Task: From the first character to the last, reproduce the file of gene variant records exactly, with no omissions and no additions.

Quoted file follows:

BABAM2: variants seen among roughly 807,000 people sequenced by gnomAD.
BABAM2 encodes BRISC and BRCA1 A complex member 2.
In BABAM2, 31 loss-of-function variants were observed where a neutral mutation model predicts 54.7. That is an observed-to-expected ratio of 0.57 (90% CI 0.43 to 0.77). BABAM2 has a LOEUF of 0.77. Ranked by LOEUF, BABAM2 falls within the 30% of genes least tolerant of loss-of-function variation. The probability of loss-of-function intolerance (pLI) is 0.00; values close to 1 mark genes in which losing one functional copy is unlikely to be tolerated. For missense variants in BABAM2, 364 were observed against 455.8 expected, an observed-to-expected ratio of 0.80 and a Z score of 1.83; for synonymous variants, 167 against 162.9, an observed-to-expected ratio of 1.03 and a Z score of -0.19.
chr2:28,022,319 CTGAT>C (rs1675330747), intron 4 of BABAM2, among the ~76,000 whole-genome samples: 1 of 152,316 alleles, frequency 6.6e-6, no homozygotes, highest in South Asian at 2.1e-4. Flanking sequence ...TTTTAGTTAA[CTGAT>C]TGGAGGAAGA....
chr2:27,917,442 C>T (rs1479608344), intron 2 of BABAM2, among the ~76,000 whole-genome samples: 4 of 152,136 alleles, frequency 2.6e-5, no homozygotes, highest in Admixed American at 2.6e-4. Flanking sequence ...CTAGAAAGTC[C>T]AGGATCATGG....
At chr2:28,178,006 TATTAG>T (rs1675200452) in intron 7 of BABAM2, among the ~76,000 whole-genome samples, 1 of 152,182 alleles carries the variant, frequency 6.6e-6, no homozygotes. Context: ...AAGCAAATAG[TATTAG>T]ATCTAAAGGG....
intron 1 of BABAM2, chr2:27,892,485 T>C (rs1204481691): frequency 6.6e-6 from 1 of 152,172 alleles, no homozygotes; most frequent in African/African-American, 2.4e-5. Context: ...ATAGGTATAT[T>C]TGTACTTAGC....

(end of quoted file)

BABAM2: variants seen among roughly 807,000 people sequenced by gnomAD.
BABAM2 encodes BRISC and BRCA1 A complex member 2.
In BABAM2, 31 loss-of-function variants were observed where a neutral mutation model predicts 54.7. That is an observed-to-expected ratio of 0.57 (90% CI 0.43 to 0.77). BABAM2 has a LOEUF of 0.77. Ranked by LOEUF, BABAM2 falls within the 30% of genes least tolerant of loss-of-function variation. The probability of loss-of-function intolerance (pLI) is 0.00; values close to 1 mark genes in which losing one functional copy is unlikely to be tolerated. For missense variants in BABAM2, 364 were observed against 455.8 expected, an observed-to-expected ratio of 0.80 and a Z score of 1.83; for synonymous variants, 167 against 162.9, an observed-to-expected ratio of 1.03 and a Z score of -0.19.
chr2:28,022,319 CTGAT>C (rs1675330747), intron 4 of BABAM2, among the ~76,000 whole-genome samples: 1 of 152,316 alleles, frequency 6.6e-6, no homozygotes, highest in South Asian at 2.1e-4. Flanking sequence ...TTTTAGTTAA[CTGAT>C]TGGAGGAAGA....
chr2:27,917,442 C>T (rs1479608344), intron 2 of BABAM2, among the ~76,000 whole-genome samples: 4 of 152,136 alleles, frequency 2.6e-5, no homozygotes, highest in Admixed American at 2.6e-4. Flanking sequence ...CTAGAAAGTC[C>T]AGGATCATGG....
At chr2:28,178,006 TATTAG>T (rs1675200452) in intron 7 of BABAM2, among the ~76,000 whole-genome samples, 1 of 152,182 alleles carries the variant, frequency 6.6e-6, no homozygotes. Context: ...AAGCAAATAG[TATTAG>T]ATCTAAAGGG....
intron 1 of BABAM2, chr2:27,892,485 T>C (rs1204481691): frequency 6.6e-6 from 1 of 152,172 alleles, no homozygotes; most frequent in African/African-American, 2.4e-5. Context: ...ATAGGTATAT[T>C]TGTACTTAGC....